Why More Retailers Aim to Fully Automate Fulfillment Centers in the Next Year
Fifty percent more retailers said they plan to fully automate their fulfillment locations in the next year to be best positioned to address consumer needs, according to recent research conducted by Blue Yonder, a Scottsdale, Ariz.-based company that specializes in the digital supply chain and omnichannel commerce fulfillment.
Also, usage of pop-up distribution centers (DCs), dark stores and micro-fulfillment centers will double as retailers pivot to customer-driven commerce, said Blue Yonder, which surveyed 300 senior executives across retail and e-commerce who are responsible for logistics and fulfillment operations in the U.S.
Retail executives are turning to automation to enhance their retail supply chains and give them more control over their online shopping experiences, according to Blue Yonder. Retail executives also recognize that pop-up DCs, micro-fulfillment centers and dark stores can help them keep online inventory as close as possible to consumers, allowing them to fulfill orders rapidly and profitably.
The survey also found:
• As e-commerce continues to grow, so will the automation of fulfillment networks, with 14% of retailers having automation across their fulfillment locations today and 21% expecting full automation in the next 12 months.
• 17% of drug store/health and beauty retailers currently have all fulfillment locations automated — more than any other vertical.
• Over the next two to three years, retailers’ usage of pop-up DCs will double, rising from 12% of networks today to an expected 26%; dark stores will double from a small base, growing from 6% of networks today to 12%; and micro-fulfillment centers will nearly double, rising from 15% of networks today to 27%.
• 64% of retailers currently provide buy online, pick up in store (BOPIS) services and contactless shopping experience, but usage of this will decrease by roughly 8% over the next two to three years. With COVID-19 vaccine deployment, consumers are anticipated to return to the stores, which could account for the anticipated decrease.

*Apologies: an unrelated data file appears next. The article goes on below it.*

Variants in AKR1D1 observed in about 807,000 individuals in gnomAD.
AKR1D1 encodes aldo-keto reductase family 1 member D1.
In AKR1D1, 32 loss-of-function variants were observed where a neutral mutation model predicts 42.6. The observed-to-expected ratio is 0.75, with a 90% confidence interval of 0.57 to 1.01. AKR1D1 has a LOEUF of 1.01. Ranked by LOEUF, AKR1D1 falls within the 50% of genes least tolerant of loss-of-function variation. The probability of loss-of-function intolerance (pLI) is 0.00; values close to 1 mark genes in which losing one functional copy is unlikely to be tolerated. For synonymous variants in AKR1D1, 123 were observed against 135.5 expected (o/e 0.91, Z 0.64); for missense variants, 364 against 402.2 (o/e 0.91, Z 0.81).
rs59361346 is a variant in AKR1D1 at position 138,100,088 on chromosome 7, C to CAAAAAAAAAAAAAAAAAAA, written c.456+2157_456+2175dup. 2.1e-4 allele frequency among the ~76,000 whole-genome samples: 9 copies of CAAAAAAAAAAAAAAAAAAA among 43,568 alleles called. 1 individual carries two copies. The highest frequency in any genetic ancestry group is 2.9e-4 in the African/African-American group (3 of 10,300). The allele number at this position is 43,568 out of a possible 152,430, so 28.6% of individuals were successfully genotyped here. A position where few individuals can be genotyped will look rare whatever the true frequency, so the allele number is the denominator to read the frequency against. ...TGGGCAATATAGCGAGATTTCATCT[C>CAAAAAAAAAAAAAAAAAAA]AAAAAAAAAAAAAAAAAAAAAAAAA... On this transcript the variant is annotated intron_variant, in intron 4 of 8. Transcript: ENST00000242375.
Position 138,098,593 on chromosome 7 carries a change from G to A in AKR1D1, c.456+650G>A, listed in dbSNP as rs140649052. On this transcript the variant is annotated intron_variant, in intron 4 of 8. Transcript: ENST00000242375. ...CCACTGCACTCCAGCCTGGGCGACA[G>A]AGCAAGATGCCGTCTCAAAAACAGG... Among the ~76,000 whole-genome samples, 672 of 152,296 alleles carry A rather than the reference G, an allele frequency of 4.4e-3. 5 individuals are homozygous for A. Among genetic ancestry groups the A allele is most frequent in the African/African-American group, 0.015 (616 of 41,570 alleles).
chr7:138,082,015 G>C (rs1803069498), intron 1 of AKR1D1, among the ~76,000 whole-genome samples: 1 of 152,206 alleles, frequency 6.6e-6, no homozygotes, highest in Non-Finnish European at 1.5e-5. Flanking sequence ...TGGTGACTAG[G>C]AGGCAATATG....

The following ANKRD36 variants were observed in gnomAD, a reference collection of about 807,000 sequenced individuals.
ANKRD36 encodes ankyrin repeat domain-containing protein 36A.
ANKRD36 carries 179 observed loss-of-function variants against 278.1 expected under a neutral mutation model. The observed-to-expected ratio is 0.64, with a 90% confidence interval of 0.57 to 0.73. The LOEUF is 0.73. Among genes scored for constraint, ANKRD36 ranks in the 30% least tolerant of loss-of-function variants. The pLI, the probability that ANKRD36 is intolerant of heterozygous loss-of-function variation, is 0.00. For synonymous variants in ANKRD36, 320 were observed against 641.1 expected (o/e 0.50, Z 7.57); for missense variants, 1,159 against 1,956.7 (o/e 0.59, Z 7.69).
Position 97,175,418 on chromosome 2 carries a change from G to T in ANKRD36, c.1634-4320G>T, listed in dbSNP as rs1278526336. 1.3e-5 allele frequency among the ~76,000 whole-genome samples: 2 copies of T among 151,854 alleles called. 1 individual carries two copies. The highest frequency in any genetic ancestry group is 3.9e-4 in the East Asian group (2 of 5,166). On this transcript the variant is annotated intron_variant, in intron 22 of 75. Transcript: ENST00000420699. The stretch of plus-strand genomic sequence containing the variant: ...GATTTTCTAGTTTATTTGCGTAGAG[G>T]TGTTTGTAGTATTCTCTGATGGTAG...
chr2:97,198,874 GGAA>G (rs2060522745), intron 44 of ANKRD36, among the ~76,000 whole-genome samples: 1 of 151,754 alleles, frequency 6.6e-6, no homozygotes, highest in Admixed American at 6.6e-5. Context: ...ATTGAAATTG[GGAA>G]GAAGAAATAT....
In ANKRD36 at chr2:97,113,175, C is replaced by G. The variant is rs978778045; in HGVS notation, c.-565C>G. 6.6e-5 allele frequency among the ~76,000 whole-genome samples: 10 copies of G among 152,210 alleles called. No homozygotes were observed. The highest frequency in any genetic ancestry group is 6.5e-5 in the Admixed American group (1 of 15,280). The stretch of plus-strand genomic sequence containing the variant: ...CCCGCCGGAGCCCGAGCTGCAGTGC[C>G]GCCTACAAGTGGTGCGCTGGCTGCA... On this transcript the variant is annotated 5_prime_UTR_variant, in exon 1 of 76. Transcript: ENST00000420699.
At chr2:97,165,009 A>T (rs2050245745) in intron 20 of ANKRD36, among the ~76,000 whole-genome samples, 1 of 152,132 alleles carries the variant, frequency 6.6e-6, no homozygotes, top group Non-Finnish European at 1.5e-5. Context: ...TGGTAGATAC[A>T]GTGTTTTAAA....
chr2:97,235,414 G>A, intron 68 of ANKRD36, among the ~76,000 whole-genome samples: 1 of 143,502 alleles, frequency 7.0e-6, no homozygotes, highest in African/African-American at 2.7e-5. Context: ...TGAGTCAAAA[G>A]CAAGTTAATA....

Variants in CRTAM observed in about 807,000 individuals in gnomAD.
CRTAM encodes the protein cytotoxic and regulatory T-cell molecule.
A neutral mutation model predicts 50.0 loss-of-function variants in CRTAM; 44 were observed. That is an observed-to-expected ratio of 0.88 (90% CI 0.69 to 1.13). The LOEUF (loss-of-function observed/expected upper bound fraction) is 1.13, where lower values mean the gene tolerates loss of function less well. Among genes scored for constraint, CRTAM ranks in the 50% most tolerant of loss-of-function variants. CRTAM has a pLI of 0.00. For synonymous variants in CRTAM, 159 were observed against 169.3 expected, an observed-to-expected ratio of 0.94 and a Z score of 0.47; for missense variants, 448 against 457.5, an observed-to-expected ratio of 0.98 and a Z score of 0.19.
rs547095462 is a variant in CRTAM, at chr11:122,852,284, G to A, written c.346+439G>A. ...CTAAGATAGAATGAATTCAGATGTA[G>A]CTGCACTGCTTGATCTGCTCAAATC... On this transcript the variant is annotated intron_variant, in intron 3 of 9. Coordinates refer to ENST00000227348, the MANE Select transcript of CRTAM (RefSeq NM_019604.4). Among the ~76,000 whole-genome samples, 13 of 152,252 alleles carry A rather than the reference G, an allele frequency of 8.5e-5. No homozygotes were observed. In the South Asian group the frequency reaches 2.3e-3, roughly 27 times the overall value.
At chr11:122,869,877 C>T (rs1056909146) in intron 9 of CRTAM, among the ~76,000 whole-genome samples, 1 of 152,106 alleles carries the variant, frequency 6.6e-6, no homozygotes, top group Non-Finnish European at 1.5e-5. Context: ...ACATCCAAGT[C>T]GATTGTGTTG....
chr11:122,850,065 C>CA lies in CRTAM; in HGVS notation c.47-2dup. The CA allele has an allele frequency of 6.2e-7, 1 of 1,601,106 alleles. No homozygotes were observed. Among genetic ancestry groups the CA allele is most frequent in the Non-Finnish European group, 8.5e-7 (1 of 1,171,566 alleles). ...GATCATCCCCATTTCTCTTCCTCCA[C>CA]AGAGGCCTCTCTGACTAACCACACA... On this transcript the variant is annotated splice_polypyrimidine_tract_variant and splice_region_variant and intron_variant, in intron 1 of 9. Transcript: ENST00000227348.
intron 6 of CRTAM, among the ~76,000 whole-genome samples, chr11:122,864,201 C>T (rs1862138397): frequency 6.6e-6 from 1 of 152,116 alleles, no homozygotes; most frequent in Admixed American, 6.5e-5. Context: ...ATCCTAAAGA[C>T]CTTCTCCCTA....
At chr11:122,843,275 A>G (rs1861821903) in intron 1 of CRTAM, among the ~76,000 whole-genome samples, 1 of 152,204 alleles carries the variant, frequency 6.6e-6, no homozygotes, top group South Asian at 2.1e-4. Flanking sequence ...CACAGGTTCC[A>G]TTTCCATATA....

“Retailers are expanding their fulfillment network and footprints in part to address last-mile delivery while meeting the surge in e-commerce orders in the short-term,” said Ed Wong, senior vice president for Blue Yonder’s global retail sector. “Equally important, they understand that accurately predicting demand is critical for sustaining revenue growth and advanced, omni-fulfillment capabilities and that locations embedded with automation are the key to quick and efficient fulfillment. Having the right supply chain solution to gain that end-to-end visibility will be a key to retailers’ success.”
To meet the demand of customer-driven commerce and increase fulfillment, retail executives will need to expand capacity and improve labor productivity, according to Blue Yonder. To do this, retailers will need to improve their picking processes and warehouse costs, which aligns with their plans to invest in local fulfillment hubs, or dark stores, which is a more cost-efficient warehouse option that enables faster and more efficient picking processes, the report said.
The study also found that over the next year:
• The majority of retail executives want to prioritize increasing existing capacity (43%) and improving labor productivity (42%).
• Roughly half of grocery retailers (49%) and pet care retailers (49%) cited expanding existing capacity as an area they would like to improve — more than any other vertical.
• Over half of drug store/health and beauty retailers (52%) and pet care retailers (52%) selected improving labor productivity as an area they would like to prioritize — more than any other vertical.
• Almost 40% of retail executives want to improve picking processes (39%) and reduce warehouse/distribution center costs (38%).